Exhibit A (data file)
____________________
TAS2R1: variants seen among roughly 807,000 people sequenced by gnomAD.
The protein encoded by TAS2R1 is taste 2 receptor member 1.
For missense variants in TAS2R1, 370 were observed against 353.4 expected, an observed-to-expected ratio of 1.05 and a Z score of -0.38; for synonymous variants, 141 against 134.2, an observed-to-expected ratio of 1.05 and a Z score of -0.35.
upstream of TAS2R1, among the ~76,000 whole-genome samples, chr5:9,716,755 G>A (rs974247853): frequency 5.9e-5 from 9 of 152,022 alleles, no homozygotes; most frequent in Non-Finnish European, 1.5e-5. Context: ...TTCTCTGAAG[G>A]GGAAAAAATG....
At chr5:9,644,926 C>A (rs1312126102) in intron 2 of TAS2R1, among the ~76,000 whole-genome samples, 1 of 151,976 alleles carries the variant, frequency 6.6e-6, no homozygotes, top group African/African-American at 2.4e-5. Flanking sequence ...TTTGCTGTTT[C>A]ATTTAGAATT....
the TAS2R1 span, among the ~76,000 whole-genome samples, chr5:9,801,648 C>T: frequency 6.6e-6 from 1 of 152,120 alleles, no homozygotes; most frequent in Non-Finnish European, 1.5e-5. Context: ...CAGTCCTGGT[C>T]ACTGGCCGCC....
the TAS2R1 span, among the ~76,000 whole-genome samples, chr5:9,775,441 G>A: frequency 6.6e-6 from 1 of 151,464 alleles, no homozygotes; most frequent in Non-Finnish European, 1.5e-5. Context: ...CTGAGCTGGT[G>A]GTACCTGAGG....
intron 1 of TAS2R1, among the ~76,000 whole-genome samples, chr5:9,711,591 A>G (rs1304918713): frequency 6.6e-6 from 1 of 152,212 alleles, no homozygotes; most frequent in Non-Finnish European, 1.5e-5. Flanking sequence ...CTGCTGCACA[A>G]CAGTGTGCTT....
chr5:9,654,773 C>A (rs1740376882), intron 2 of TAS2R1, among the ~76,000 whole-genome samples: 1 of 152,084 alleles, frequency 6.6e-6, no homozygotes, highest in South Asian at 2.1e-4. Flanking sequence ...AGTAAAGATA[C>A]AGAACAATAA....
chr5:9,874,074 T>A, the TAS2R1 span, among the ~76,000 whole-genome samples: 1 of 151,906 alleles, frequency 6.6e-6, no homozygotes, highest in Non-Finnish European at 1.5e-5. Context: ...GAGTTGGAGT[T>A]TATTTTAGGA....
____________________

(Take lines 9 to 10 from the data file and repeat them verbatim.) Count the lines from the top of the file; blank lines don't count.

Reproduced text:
chr5:9,654,773 C>A (rs1740376882), intron 2 of TAS2R1, among the ~76,000 whole-genome samples: 1 of 152,084 alleles, frequency 6.6e-6, no homozygotes, highest in South Asian at 2.1e-4. Flanking sequence ...AGTAAAGATA[C>A]AGAACAATAA....
chr5:9,874,074 T>A, the TAS2R1 span, among the ~76,000 whole-genome samples: 1 of 151,906 alleles, frequency 6.6e-6, no homozygotes, highest in Non-Finnish European at 1.5e-5. Context: ...GAGTTGGAGT[T>A]TATTTTAGGA....